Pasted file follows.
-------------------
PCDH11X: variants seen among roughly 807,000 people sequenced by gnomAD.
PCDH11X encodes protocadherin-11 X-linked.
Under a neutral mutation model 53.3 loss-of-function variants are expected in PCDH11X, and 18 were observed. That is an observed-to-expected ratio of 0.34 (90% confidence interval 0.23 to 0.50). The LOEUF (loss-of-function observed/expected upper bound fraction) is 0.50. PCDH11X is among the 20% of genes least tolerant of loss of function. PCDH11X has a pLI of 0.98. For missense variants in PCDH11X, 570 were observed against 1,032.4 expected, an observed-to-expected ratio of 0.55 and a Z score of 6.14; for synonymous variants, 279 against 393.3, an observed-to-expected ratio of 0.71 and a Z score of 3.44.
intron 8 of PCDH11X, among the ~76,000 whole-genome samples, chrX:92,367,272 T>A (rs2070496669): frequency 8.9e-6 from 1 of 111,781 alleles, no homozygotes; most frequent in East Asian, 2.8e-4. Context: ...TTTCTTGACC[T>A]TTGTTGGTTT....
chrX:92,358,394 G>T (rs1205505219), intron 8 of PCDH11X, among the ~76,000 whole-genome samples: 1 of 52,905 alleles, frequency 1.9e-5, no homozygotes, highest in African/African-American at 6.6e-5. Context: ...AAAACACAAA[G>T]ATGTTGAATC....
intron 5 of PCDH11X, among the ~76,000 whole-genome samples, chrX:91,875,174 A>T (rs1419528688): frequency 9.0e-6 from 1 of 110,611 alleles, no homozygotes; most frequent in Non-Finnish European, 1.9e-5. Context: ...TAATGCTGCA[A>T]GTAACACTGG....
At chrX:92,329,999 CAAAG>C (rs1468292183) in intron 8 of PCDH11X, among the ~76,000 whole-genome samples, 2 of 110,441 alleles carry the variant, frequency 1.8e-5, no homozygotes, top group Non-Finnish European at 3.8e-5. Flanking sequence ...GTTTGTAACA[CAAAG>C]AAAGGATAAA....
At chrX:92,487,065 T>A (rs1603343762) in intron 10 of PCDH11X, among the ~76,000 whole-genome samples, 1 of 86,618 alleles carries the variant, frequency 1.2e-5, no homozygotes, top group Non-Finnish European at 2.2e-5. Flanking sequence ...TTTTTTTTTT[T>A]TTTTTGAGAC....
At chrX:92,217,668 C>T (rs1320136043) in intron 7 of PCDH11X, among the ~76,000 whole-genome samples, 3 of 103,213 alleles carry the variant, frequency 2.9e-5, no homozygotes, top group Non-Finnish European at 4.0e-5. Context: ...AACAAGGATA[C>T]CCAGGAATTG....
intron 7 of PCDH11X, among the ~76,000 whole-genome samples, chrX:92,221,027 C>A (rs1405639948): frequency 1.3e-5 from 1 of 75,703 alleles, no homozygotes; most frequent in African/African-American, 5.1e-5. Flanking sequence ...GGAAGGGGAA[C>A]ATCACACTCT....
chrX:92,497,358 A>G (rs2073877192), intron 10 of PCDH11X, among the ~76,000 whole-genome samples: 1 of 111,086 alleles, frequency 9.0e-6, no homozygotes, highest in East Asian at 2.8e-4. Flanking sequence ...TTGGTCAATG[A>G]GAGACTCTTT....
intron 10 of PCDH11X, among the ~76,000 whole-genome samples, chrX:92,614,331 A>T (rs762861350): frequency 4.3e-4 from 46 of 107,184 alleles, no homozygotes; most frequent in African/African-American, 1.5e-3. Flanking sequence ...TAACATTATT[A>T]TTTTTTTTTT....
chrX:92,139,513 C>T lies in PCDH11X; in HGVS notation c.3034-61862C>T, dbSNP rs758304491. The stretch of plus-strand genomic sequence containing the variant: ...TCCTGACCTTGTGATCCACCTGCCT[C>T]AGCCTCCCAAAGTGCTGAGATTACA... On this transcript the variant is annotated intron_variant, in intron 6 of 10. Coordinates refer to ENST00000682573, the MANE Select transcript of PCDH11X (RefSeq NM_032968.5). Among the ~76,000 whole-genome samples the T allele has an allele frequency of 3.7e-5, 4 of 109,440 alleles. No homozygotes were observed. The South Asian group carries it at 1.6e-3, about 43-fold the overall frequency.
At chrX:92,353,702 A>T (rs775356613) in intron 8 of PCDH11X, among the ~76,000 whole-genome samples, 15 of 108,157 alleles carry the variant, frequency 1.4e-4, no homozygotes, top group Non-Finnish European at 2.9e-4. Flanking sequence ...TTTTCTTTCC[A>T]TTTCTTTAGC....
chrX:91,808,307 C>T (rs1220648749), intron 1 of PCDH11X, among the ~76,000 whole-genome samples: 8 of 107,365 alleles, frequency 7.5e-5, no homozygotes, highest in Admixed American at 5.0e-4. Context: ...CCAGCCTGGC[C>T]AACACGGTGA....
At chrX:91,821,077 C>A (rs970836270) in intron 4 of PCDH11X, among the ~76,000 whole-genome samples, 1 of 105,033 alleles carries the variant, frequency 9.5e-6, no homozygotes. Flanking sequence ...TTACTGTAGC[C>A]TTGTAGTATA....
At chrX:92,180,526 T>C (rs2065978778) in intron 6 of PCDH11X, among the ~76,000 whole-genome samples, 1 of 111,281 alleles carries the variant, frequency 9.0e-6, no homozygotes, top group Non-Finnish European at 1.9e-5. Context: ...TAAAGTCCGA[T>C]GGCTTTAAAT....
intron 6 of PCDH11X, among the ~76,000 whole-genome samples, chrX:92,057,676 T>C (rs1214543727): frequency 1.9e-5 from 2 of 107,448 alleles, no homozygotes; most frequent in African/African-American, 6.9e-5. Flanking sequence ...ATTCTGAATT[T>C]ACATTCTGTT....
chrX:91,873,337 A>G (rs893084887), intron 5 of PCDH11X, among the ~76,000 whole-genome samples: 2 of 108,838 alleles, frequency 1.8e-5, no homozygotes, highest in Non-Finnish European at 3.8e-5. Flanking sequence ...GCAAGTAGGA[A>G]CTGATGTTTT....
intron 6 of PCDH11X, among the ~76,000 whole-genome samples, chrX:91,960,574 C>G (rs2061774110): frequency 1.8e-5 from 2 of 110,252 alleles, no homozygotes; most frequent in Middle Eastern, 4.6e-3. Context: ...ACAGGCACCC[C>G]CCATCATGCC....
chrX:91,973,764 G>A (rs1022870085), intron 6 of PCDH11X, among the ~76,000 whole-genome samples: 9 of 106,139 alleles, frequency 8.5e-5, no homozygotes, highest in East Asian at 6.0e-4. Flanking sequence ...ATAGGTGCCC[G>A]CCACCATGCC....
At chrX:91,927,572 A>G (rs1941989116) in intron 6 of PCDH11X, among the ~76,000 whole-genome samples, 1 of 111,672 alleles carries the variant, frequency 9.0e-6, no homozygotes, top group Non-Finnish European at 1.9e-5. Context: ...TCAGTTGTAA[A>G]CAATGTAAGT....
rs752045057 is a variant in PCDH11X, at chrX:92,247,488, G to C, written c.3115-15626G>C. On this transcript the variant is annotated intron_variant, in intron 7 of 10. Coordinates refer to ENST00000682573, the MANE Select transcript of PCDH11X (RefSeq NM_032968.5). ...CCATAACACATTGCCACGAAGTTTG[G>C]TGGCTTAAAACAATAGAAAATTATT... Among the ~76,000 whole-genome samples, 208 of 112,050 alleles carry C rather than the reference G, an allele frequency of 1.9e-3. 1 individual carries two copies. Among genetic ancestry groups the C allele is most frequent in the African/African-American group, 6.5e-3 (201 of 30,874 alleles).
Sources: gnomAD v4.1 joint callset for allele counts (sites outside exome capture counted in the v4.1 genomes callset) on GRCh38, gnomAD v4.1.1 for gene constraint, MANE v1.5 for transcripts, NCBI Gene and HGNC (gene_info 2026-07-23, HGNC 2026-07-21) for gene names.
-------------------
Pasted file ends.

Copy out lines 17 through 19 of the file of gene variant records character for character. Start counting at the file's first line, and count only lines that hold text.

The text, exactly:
At chrX:92,180,526 T>C (rs2065978778) in intron 6 of PCDH11X, among the ~76,000 whole-genome samples, 1 of 111,281 alleles carries the variant, frequency 9.0e-6, no homozygotes, top group Non-Finnish European at 1.9e-5. Context: ...TAAAGTCCGA[T>C]GGCTTTAAAT....
intron 6 of PCDH11X, among the ~76,000 whole-genome samples, chrX:92,057,676 T>C (rs1214543727): frequency 1.9e-5 from 2 of 107,448 alleles, no homozygotes; most frequent in African/African-American, 6.9e-5. Flanking sequence ...ATTCTGAATT[T>C]ACATTCTGTT....
chrX:91,873,337 A>G (rs893084887), intron 5 of PCDH11X, among the ~76,000 whole-genome samples: 2 of 108,838 alleles, frequency 1.8e-5, no homozygotes, highest in Non-Finnish European at 3.8e-5. Flanking sequence ...GCAAGTAGGA[A>G]CTGATGTTTT....